Anyway, like many C++ projects GoogleMock has a bias for CMake. So if you want to use SCons to build instead, here is a tiny SConstruct that you can use.

googletest_framework_root = "/home/amoe/vcs/googletest"

googletest_include_paths = [
    googletest_framework_root + "/googletest",
    googletest_framework_root + "/googletest/include",
    googletest_framework_root + "/googlemock",
    googletest_framework_root + "/googlemock/include"
]

gtest_all_path = googletest_framework_root + "/googletest/src/gtest-all.cc"
gmock_all_path = googletest_framework_root + "/googlemock/src/gmock-all.cc"

env = Environment(CPPPATH=googletest_include_paths)

env.Program(
    target='main',
    source=["main.cc", gtest_all_path, gmock_all_path],
    LIBS=['pthread']
)

Where your main.cc is a regular test driver, as such:

#include <gmock/gmock.h>

int main(int argc, char **argv) {
    testing::InitGoogleMock(&argc, argv);
    return RUN_ALL_TESTS();
}

You'll need to find some answer to actually getting the source of the test framework into the build filesystem -- Google Test doesn't build as a system library. That could be git submodules, a download script, or just dumping the repository inside yours.

Posted 2017-11-30

This is based on Camilla Panjabi's recipe. The only variations were, not using any cloves (that she mentioned in the recipe but not in the ingredients list -- a possible erratum?) and using pre-cooked lamb. I got the lamb from the butcher, a large leg joint on the bone. I stewed the entire joint for an hour and a half in a large pot, with some curry powder & balti masala for flavouring, which I presume didn't form a large part of the flavour of this dish itself, but I thought that since I plan to reuse the stock I may as well infuse something into it. The meat slid off the bone rather easily after that, with small pinker patches inside after cutting.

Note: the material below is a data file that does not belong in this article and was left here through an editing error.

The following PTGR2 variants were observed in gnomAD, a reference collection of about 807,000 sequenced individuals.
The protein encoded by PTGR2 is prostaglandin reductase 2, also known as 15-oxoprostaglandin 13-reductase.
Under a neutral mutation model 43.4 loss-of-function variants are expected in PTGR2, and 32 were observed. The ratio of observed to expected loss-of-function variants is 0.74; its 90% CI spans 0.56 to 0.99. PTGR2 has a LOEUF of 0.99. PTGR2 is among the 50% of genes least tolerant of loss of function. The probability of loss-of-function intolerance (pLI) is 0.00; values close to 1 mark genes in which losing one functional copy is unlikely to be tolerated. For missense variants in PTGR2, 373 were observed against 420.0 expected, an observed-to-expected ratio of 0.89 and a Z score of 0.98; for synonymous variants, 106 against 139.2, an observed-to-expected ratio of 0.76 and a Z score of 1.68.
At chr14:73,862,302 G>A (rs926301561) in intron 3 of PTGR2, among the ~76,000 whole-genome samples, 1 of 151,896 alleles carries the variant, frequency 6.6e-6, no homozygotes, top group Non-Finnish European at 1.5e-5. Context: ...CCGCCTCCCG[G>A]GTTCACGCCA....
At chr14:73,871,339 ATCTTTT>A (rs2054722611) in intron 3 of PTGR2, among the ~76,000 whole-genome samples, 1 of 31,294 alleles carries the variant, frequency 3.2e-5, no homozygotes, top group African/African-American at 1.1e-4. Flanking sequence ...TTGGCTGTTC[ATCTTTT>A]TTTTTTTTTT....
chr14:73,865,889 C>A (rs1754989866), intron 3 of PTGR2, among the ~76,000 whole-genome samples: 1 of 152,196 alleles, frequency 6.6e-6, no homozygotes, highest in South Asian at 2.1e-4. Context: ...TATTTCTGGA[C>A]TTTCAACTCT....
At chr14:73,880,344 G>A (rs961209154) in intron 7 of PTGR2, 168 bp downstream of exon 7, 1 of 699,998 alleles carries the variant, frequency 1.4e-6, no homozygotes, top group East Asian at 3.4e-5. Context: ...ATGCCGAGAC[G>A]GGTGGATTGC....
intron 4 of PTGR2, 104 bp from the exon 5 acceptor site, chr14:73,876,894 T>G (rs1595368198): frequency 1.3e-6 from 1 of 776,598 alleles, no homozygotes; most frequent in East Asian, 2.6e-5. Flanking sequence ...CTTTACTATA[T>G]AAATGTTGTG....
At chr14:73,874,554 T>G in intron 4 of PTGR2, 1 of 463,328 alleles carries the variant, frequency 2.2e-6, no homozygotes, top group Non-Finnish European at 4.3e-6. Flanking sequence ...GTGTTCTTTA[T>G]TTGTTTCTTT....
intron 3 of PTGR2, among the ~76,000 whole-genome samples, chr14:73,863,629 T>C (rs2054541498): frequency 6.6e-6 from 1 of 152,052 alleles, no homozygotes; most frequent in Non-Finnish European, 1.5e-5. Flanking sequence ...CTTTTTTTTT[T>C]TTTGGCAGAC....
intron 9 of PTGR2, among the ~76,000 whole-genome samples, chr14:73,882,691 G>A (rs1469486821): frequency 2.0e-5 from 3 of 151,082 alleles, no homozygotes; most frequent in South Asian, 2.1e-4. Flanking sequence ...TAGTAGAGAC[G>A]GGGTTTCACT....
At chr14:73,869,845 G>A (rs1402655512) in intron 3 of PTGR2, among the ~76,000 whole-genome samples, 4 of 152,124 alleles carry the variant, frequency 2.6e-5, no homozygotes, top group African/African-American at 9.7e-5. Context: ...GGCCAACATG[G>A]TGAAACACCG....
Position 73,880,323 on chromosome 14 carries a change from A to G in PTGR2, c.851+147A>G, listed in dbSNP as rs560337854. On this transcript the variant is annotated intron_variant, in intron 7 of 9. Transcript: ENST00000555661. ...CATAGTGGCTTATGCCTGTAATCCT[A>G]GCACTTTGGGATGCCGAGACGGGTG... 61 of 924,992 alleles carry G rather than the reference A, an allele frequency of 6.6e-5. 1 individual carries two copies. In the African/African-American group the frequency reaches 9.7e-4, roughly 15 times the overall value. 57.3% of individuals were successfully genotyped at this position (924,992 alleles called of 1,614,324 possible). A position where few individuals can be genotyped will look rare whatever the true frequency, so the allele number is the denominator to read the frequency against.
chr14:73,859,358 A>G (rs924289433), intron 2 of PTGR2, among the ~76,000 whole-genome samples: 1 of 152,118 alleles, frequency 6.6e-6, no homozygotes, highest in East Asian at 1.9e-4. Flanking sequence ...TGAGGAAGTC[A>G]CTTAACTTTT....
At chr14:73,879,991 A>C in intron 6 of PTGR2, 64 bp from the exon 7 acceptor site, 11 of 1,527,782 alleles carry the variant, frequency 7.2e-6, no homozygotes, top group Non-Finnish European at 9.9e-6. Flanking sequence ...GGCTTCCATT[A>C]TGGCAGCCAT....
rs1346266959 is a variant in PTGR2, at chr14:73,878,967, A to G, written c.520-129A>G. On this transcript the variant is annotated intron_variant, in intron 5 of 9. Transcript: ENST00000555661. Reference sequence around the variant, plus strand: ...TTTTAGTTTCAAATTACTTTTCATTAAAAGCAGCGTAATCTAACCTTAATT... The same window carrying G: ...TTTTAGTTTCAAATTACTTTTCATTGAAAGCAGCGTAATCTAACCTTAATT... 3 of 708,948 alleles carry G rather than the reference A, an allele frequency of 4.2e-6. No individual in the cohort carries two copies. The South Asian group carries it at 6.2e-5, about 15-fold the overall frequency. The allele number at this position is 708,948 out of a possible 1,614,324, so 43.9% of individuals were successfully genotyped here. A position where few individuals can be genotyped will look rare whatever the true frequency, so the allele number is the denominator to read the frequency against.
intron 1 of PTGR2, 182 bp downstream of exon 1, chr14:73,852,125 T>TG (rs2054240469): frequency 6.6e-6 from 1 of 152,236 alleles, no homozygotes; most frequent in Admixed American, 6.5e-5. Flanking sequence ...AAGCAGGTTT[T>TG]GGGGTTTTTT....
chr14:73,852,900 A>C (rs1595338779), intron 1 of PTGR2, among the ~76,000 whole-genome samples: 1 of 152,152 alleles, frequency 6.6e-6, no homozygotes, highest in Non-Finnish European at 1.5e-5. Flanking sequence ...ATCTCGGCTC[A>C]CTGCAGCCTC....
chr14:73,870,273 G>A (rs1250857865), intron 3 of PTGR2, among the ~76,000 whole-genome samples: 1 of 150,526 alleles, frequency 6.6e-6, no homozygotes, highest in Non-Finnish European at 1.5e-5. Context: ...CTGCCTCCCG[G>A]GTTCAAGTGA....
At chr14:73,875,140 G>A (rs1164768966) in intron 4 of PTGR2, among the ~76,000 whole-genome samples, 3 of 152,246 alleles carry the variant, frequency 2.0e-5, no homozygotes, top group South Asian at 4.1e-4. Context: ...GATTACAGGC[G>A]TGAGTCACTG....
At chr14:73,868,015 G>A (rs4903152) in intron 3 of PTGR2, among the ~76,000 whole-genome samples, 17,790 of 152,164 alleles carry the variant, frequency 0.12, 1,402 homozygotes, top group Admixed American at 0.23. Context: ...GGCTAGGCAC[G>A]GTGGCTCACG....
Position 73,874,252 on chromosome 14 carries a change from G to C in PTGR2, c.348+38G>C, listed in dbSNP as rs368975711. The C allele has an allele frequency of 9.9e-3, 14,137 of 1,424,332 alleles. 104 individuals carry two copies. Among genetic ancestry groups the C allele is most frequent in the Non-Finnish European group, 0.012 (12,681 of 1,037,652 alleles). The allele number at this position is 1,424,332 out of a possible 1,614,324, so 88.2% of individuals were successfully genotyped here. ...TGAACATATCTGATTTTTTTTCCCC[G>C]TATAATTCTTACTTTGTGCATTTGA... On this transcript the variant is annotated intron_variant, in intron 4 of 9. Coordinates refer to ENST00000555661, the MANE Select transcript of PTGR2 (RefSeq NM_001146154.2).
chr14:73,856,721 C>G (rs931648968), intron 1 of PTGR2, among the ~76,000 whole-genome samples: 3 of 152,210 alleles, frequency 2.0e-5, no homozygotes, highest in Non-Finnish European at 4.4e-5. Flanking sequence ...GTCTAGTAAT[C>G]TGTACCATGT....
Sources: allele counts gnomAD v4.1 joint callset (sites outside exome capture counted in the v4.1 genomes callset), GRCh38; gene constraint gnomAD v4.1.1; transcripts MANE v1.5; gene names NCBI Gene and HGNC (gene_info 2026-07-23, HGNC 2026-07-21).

This curry has the singular innovation of creating the cumin-flavoured potatoes first: you saute a big handful of cumin seeds and shallow-fry whole small potatoes to give them a crispy skin on the outside. It looks very attractive when finished. The cumin clings to the outside of the potato. Then later you submerge these in curry liquid and boil them for about 10 minutes. This gives whole potatoes that are still firm to the palate. I also used large chunky sea salt on these potatoes.

The rest of it is rather standard. I didn't use a curry base for this one because I had ran out, so the onions are reduced from scratch. The first thing I noticed is what a long time it takes to get the onions the correct colour. It took nearly a whole hour. That's the real benefit of using the base, IMO, the time differential; there's probably not any large flavour benefit from a curry base, perhaps there's even a flavour deficit.

This one strangely has garam masala formed into a paste and added relatively early in cooking, which is somewhat of a departure.

I look forward to using this meat & potatoes pattern in the future; potatoes are great cupboard stock because they're cheap and last for ages. When you can boost the bulk and variation of a curry by this addition, everybody wins.

Posted 2017-11-19